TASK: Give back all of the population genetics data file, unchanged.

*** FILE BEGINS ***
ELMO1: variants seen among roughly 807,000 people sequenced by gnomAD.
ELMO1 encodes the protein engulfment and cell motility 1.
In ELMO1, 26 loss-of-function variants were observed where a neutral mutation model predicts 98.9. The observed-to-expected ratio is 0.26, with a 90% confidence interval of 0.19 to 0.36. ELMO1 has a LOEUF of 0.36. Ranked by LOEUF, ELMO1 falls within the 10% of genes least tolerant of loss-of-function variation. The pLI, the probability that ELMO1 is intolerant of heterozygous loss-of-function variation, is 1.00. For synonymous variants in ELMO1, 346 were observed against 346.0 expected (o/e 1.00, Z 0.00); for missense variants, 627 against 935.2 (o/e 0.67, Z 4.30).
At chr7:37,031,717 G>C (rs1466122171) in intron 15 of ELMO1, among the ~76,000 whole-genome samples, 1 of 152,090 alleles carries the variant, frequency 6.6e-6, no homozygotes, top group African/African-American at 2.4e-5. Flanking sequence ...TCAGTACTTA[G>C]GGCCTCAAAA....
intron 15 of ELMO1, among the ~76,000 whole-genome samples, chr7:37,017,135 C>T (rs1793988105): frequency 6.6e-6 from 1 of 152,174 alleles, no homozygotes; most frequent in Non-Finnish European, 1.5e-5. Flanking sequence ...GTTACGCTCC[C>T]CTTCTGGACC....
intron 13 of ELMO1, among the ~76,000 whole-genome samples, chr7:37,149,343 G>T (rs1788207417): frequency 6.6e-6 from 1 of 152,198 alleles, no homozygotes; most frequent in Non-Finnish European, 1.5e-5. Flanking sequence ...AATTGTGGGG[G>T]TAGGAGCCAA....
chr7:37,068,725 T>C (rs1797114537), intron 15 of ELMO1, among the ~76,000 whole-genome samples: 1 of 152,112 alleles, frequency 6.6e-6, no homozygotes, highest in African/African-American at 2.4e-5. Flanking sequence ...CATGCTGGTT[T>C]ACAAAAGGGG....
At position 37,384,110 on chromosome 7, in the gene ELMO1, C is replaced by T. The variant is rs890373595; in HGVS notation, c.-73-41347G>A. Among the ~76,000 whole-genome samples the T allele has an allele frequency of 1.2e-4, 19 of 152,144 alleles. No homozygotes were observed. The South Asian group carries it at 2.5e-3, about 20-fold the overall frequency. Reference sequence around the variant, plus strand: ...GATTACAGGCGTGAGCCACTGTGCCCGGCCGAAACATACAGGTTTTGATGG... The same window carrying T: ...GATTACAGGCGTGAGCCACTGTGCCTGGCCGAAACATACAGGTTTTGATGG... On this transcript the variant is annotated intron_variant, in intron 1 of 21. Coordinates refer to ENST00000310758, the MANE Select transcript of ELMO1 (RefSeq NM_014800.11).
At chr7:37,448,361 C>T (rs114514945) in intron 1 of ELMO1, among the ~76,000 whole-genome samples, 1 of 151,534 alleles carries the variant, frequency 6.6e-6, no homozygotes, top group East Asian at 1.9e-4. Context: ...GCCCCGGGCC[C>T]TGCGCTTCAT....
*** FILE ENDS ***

ELMO1: variants seen among roughly 807,000 people sequenced by gnomAD.
ELMO1 encodes the protein engulfment and cell motility 1.
In ELMO1, 26 loss-of-function variants were observed where a neutral mutation model predicts 98.9. The observed-to-expected ratio is 0.26, with a 90% confidence interval of 0.19 to 0.36. ELMO1 has a LOEUF of 0.36. Ranked by LOEUF, ELMO1 falls within the 10% of genes least tolerant of loss-of-function variation. The pLI, the probability that ELMO1 is intolerant of heterozygous loss-of-function variation, is 1.00. For synonymous variants in ELMO1, 346 were observed against 346.0 expected (o/e 1.00, Z 0.00); for missense variants, 627 against 935.2 (o/e 0.67, Z 4.30).
At chr7:37,031,717 G>C (rs1466122171) in intron 15 of ELMO1, among the ~76,000 whole-genome samples, 1 of 152,090 alleles carries the variant, frequency 6.6e-6, no homozygotes, top group African/African-American at 2.4e-5. Flanking sequence ...TCAGTACTTA[G>C]GGCCTCAAAA....
intron 15 of ELMO1, among the ~76,000 whole-genome samples, chr7:37,017,135 C>T (rs1793988105): frequency 6.6e-6 from 1 of 152,174 alleles, no homozygotes; most frequent in Non-Finnish European, 1.5e-5. Flanking sequence ...GTTACGCTCC[C>T]CTTCTGGACC....
intron 13 of ELMO1, among the ~76,000 whole-genome samples, chr7:37,149,343 G>T (rs1788207417): frequency 6.6e-6 from 1 of 152,198 alleles, no homozygotes; most frequent in Non-Finnish European, 1.5e-5. Flanking sequence ...AATTGTGGGG[G>T]TAGGAGCCAA....
chr7:37,068,725 T>C (rs1797114537), intron 15 of ELMO1, among the ~76,000 whole-genome samples: 1 of 152,112 alleles, frequency 6.6e-6, no homozygotes, highest in African/African-American at 2.4e-5. Flanking sequence ...CATGCTGGTT[T>C]ACAAAAGGGG....
At position 37,384,110 on chromosome 7, in the gene ELMO1, C is replaced by T. The variant is rs890373595; in HGVS notation, c.-73-41347G>A. Among the ~76,000 whole-genome samples the T allele has an allele frequency of 1.2e-4, 19 of 152,144 alleles. No homozygotes were observed. The South Asian group carries it at 2.5e-3, about 20-fold the overall frequency. Reference sequence around the variant, plus strand: ...GATTACAGGCGTGAGCCACTGTGCCCGGCCGAAACATACAGGTTTTGATGG... The same window carrying T: ...GATTACAGGCGTGAGCCACTGTGCCTGGCCGAAACATACAGGTTTTGATGG... On this transcript the variant is annotated intron_variant, in intron 1 of 21. Coordinates refer to ENST00000310758, the MANE Select transcript of ELMO1 (RefSeq NM_014800.11).
At chr7:37,448,361 C>T (rs114514945) in intron 1 of ELMO1, among the ~76,000 whole-genome samples, 1 of 151,534 alleles carries the variant, frequency 6.6e-6, no homozygotes, top group East Asian at 1.9e-4. Context: ...GCCCCGGGCC[C>T]TGCGCTTCAT....